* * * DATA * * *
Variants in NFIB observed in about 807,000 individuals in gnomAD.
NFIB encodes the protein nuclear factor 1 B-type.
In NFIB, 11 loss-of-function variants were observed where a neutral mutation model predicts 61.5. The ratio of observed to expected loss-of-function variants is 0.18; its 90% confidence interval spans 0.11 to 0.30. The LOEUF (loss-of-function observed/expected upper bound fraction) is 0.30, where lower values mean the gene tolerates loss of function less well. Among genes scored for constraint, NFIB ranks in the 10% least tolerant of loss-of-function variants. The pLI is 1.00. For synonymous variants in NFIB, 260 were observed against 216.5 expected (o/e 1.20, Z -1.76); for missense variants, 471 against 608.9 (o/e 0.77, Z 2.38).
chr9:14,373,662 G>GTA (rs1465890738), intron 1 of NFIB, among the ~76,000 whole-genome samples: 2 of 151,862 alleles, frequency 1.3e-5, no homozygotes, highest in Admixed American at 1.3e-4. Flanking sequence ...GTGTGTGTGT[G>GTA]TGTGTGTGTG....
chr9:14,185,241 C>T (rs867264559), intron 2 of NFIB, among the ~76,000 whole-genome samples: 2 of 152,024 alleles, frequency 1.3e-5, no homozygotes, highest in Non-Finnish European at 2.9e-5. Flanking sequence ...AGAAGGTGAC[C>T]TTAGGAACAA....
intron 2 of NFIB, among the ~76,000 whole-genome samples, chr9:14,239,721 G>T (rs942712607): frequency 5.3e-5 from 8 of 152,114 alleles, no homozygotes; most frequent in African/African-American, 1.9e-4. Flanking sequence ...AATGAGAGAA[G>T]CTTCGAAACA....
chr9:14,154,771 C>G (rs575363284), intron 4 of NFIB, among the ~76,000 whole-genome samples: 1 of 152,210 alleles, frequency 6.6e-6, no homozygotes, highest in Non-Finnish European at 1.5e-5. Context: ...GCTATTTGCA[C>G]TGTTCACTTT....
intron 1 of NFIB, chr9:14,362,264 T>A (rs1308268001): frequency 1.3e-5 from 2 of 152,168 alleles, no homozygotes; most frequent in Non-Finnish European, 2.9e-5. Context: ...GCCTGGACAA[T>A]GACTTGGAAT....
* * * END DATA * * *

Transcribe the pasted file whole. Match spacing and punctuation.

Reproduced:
Variants in NFIB observed in about 807,000 individuals in gnomAD.
NFIB encodes the protein nuclear factor 1 B-type.
In NFIB, 11 loss-of-function variants were observed where a neutral mutation model predicts 61.5. The ratio of observed to expected loss-of-function variants is 0.18; its 90% confidence interval spans 0.11 to 0.30. The LOEUF (loss-of-function observed/expected upper bound fraction) is 0.30, where lower values mean the gene tolerates loss of function less well. Among genes scored for constraint, NFIB ranks in the 10% least tolerant of loss-of-function variants. The pLI is 1.00. For synonymous variants in NFIB, 260 were observed against 216.5 expected (o/e 1.20, Z -1.76); for missense variants, 471 against 608.9 (o/e 0.77, Z 2.38).
chr9:14,373,662 G>GTA (rs1465890738), intron 1 of NFIB, among the ~76,000 whole-genome samples: 2 of 151,862 alleles, frequency 1.3e-5, no homozygotes, highest in Admixed American at 1.3e-4. Flanking sequence ...GTGTGTGTGT[G>GTA]TGTGTGTGTG....
chr9:14,185,241 C>T (rs867264559), intron 2 of NFIB, among the ~76,000 whole-genome samples: 2 of 152,024 alleles, frequency 1.3e-5, no homozygotes, highest in Non-Finnish European at 2.9e-5. Flanking sequence ...AGAAGGTGAC[C>T]TTAGGAACAA....
intron 2 of NFIB, among the ~76,000 whole-genome samples, chr9:14,239,721 G>T (rs942712607): frequency 5.3e-5 from 8 of 152,114 alleles, no homozygotes; most frequent in African/African-American, 1.9e-4. Flanking sequence ...AATGAGAGAA[G>T]CTTCGAAACA....
chr9:14,154,771 C>G (rs575363284), intron 4 of NFIB, among the ~76,000 whole-genome samples: 1 of 152,210 alleles, frequency 6.6e-6, no homozygotes, highest in Non-Finnish European at 1.5e-5. Context: ...GCTATTTGCA[C>G]TGTTCACTTT....
intron 1 of NFIB, chr9:14,362,264 T>A (rs1308268001): frequency 1.3e-5 from 2 of 152,168 alleles, no homozygotes; most frequent in Non-Finnish European, 2.9e-5. Context: ...GCCTGGACAA[T>A]GACTTGGAAT....